Mark Woods (b. 1961, Surrey) is a British artist with a background in contemporary jewellery production and in boat building, he produces highly elaborate artefacts that blur the boundaries between jewellery, fine art, fetish objects and items from a cabinet of curiosities.

“I grew up on the Isle of Wight, went to a catholic convent run primary school, run by nuns, they were kind people, I have fond memories of them, however, I refused to be confirmed, an early act of rebellion, perhaps…

As a small boy I used to hang out with my Dad in his garden shed workshop, where he would make all sorts of things, he was a natural ‘maker’. He could knock up furniture, carve drift wood into figures, made primitive guns.. He had a fascination with explosive chemistry , which came to an abrupt end when he fumbled an acid fused bomb he had made, which  blew up in his hand, removing all the flesh off the ends of his fingers. He spend some weeks in Hospital having skin grafts & was very lucky not to loose the use of his right hand…finally finding luck in being left handed..

My father was a Prison Officer, stationed at Parkhurst Prison, though he rode around on a tractor, in overalls, as he was the head gardener.Sometimes, he would smuggle some prisoners out in the back of the prison Landrover & bring them home for lunch!

My mother read endlessly..

When I left school I got an apprentice joiners job in a Boat building yard, after a couple of years I moved on to working in  a shipyard  that made lifeboats for the RNLI, where I learnt to work in metal.

An opportunity came along to work as a deck hand on a private motor yacht, owned by Mike Batt, made famous by ‘the Wombles’! He planned to sail around the world with his family, I met a few music biz legends , Paul Mcartney being one of them.

I returned to the island after this episode, started a band, playing guitar & writing songs. I left the band after a few a few  years, though it broke my heart to do it, then found my way into Art college in Southampton, where I learnt the basics of jewellery making, then left before finishing the course, & got on with it, making & selling silver work, sometimes at Glastonbury festival, but mainly from a cellar studio under a vegetarian cafe called ‘The Flying Teapot’, in a rough part of Southampton.

In those few years there, living rather hand to mouth I  made pieces of jewellery which I presented to the assessors of a degree course in contemporary jewellery, who offered me a place at Middlesex polytechnic, in north London.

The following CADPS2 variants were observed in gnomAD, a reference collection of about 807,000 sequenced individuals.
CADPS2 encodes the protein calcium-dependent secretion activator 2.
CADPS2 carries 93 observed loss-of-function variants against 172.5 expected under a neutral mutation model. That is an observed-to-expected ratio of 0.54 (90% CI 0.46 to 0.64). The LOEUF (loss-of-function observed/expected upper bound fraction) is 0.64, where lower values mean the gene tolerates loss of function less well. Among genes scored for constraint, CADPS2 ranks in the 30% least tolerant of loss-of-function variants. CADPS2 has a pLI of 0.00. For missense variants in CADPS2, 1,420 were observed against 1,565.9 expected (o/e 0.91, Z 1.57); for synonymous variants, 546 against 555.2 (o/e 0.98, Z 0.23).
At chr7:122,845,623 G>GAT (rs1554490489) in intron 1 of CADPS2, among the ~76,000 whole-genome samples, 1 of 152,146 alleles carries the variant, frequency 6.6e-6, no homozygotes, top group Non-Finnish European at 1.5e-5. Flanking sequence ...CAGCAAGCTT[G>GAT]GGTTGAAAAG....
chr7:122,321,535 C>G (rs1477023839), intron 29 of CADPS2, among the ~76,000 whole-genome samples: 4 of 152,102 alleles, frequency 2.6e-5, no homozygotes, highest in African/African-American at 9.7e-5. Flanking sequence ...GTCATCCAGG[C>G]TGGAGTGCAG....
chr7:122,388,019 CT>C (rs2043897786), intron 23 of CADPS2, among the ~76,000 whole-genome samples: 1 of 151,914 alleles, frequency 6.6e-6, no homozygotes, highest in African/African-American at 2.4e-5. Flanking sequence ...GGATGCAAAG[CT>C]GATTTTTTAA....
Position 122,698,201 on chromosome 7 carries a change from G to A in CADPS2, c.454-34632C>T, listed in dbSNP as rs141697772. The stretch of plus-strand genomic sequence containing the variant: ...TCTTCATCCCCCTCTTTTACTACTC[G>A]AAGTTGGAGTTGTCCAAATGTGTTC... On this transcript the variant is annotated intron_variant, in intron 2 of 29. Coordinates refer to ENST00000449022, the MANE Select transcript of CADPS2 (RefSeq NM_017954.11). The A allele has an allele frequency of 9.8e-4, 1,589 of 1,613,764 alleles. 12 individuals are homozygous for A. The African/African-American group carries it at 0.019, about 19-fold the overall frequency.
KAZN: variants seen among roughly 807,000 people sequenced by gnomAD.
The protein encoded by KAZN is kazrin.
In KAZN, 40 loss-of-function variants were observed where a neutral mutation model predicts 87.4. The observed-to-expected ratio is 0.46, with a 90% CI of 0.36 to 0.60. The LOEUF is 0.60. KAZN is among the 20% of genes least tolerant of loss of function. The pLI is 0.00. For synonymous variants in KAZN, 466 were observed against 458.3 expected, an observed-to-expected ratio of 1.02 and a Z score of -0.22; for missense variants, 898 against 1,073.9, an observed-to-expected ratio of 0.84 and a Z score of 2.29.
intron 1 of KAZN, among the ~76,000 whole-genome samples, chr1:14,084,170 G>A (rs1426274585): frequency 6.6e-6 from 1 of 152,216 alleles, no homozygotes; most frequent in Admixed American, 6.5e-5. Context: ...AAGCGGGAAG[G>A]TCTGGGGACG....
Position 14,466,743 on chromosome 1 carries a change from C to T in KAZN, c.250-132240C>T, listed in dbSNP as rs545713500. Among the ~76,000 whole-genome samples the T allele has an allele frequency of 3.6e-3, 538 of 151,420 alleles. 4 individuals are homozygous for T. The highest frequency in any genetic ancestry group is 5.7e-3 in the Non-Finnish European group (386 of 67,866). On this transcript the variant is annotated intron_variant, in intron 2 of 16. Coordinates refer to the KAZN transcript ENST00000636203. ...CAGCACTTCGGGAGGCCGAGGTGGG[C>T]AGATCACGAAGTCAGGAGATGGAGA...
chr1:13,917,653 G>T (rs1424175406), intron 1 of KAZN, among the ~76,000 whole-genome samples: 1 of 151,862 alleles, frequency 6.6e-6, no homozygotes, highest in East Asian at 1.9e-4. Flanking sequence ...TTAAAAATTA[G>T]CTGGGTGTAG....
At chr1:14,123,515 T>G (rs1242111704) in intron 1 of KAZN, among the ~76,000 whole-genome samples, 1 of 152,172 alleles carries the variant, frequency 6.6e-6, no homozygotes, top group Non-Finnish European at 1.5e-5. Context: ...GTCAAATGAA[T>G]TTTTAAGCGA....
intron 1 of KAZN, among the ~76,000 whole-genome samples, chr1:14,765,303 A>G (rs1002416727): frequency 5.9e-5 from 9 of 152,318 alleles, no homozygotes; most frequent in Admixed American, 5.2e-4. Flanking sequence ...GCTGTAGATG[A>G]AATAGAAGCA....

I made the move to London a couple of months before the course started, setting up my workshop equipment in my bedroom of a shared house in Tottenham, & carried on making. One afternoon i found myself wandering around the department store ’Liberty’, stopping to examine a concession stand named ‘Cobra & Bellamy’, run by Veronica Manussis & Tania Hunter, who noticed a piece of my work that i was wearing, they invited me to meet with them at their Sloane st. Gallery, where they commissioned me to make around a dozen pieces of jewellery. Mainly brooches, but some rings & a bracelet or two…this is around 1988.

Once college started, I found I didn’t enjoy the structure of the course at all, I learnt  some useful things, however, didn’t stay there long.

I Moved to Woodgreen, north London, where I didn’t have such a good time of it, didn’t work much, got a bit lost for a while, had a bad year, but turned the corner after getting evicted from a shared house in Palmers Green high st. It was a big old Victorian building, had a Bank occupying the ground floor, the top floor was painted out Matt black, with a Matt black ‘four poster’ bed in the middle of the room which was used for making ‘Porn movies’. We named the building’Rose Cottage’! 

I stayed in London, & carried on making, moving into a squat in Hackney with my workshop equipment, then found work space in a ceramics Studio, run by the potter Kate Malone, stayed a couple of years, eventually meeting other Artists, found a studio space near Hoxton, a fabulous old victorian warehouse on Southgate road, by the canal.It was cold & draughty, but it was wonderful!

This was around 1993, when I got noticed by Barbara Cartlidge, director of Electrum, the seminal contemporary jewellery Gallery, where she sold my work, & introduced me to Isabella Blow, amongst others.

So! I was in Shoreditch at the most pivotal period of ‘Brit Art, Where I  managed  to be oblivious of who the ‘Brit Artists’ & associated characters who I was rubbing shoulders with were…

Meeting my future wife, the painter Rebecca Scott at a party in Pitfield St, next door to the infamous ‘Charlie Wrights’ bar changed my life profoundly, I have been, more or less, very happy since!

We now co-direct a Gallery in Kendal, Cumbria, called Cross Lane Projects & have also opened a ’salon’ space in Shoreditch, Cross Lane Projects / Vestry St. ”

– Mark

“Mark Woods’ highly glamorous and «transgressive» objects are beautiful fetishes, reminiscent of sadomasochist sex toys, but their softness, delicacy and beauty surpass any remote functionality. While packed with feminist, masculine, sexual and even religious ideas, the attractiveness of their execution and the nobility of the materials immediately capture the viewers’ senses. Woods’ sculptures seem to echo to perfection the fraudulent simulation phenomena of a society increasingly obsessed with glamour and pornography – a super-profitable industry ultimately responsible for the supply of new concepts, images and fantasies of our private sexual lives. It is certainly ironic, for a society always looking for new excitement and extreme pleasures, that the more we search for transgression the more we turn into play-acting.”

Mónica Sánchez-Argilés